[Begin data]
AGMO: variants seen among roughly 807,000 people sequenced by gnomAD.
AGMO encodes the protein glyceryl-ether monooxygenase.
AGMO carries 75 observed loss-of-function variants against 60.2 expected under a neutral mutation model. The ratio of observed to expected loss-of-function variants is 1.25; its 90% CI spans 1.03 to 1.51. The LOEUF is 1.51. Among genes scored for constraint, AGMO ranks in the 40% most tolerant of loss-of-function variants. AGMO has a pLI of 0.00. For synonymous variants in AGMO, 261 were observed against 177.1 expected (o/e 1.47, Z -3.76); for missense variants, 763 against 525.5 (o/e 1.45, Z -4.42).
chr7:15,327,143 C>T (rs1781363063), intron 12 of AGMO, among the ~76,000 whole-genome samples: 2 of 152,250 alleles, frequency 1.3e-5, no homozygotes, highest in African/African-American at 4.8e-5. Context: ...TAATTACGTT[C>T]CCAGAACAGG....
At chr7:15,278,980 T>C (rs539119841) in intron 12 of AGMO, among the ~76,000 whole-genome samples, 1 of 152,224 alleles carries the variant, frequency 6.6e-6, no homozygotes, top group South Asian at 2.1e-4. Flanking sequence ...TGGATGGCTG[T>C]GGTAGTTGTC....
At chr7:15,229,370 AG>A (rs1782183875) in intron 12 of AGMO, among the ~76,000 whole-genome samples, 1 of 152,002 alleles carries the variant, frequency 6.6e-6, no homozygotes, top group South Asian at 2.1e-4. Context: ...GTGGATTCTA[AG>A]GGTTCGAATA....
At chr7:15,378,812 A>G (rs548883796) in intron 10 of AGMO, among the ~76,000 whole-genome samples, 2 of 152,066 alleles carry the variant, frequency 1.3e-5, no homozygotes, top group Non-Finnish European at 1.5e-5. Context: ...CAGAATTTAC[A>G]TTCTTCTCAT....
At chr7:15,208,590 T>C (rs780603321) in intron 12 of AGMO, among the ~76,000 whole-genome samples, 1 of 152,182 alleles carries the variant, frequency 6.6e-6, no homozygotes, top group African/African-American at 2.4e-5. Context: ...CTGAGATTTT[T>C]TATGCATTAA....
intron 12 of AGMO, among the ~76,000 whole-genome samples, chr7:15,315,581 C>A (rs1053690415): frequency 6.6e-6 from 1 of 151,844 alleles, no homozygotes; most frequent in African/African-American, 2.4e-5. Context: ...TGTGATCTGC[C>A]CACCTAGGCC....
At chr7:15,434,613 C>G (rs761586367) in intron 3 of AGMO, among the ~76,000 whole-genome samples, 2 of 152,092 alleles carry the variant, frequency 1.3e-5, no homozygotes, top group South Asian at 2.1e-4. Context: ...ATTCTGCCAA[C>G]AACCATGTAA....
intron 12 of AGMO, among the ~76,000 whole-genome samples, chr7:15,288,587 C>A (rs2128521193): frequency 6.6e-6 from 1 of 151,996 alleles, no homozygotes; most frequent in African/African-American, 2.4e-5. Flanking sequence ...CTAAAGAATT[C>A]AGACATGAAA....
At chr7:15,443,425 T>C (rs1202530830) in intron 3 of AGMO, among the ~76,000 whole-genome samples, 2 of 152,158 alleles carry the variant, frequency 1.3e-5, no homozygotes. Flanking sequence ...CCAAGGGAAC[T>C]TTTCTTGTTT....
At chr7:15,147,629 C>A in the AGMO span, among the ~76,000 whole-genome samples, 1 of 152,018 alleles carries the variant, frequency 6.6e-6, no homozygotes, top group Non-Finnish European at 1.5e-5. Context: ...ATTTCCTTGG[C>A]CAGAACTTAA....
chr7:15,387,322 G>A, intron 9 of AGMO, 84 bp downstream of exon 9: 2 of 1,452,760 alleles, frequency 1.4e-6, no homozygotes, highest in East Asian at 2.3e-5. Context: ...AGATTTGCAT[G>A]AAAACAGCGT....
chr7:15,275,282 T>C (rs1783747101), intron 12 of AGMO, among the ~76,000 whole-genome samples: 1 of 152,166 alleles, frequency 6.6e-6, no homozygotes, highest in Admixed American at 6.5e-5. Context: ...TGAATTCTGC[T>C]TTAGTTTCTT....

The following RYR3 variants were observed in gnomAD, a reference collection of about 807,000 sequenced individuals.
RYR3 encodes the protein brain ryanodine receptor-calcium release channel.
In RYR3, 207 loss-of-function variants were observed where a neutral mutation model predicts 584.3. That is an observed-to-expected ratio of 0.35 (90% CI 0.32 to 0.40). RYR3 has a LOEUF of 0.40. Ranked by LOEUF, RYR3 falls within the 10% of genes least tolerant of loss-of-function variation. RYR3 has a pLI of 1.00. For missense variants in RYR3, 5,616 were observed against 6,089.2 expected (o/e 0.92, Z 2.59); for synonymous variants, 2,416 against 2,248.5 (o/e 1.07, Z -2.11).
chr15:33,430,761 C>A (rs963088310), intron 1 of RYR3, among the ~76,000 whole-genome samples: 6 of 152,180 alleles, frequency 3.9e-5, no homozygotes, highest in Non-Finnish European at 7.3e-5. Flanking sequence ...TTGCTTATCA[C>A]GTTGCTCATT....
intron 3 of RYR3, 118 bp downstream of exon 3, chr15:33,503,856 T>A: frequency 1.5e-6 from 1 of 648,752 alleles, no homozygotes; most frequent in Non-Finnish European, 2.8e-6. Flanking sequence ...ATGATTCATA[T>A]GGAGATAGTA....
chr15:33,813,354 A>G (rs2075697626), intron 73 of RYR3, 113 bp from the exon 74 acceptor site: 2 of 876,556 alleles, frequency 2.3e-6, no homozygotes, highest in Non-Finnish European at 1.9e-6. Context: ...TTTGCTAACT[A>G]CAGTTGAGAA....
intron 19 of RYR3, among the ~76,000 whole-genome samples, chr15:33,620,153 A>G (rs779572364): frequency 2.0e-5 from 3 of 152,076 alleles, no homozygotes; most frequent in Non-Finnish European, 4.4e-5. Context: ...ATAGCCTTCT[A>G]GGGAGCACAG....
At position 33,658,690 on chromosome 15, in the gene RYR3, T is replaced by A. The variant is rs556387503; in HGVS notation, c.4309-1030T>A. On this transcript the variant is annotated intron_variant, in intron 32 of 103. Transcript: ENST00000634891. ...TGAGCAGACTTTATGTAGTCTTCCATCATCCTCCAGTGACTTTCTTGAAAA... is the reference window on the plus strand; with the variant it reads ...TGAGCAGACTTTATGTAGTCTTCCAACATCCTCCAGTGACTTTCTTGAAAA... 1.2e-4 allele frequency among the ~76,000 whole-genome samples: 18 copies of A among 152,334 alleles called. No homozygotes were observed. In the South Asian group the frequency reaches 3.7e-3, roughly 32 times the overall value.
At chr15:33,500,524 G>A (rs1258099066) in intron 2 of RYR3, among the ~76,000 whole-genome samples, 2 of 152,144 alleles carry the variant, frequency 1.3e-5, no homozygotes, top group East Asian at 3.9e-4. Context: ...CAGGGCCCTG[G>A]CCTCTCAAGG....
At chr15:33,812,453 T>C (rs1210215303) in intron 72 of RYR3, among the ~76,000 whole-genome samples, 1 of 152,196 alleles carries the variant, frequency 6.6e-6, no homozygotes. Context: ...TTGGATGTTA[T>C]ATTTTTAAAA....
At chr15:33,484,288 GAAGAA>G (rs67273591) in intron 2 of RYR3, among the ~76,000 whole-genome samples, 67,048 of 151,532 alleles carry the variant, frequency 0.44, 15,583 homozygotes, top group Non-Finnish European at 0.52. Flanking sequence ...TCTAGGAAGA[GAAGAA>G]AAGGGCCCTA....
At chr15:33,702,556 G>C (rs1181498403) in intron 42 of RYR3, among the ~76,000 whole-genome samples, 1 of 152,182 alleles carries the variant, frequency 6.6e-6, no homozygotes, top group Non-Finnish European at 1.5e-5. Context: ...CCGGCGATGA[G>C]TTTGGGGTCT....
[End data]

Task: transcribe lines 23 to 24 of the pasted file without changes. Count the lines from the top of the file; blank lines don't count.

At position 33,658,690 on chromosome 15, in the gene RYR3, T is replaced by A. The variant is rs556387503; in HGVS notation, c.4309-1030T>A. On this transcript the variant is annotated intron_variant, in intron 32 of 103. Transcript: ENST00000634891. ...TGAGCAGACTTTATGTAGTCTTCCATCATCCTCCAGTGACTTTCTTGAAAA... is the reference window on the plus strand; with the variant it reads ...TGAGCAGACTTTATGTAGTCTTCCAACATCCTCCAGTGACTTTCTTGAAAA... 1.2e-4 allele frequency among the ~76,000 whole-genome samples: 18 copies of A among 152,334 alleles called. No homozygotes were observed. In the South Asian group the frequency reaches 3.7e-3, roughly 32 times the overall value.
At chr15:33,500,524 G>A (rs1258099066) in intron 2 of RYR3, among the ~76,000 whole-genome samples, 2 of 152,144 alleles carry the variant, frequency 1.3e-5, no homozygotes, top group East Asian at 3.9e-4. Context: ...CAGGGCCCTG[G>A]CCTCTCAAGG....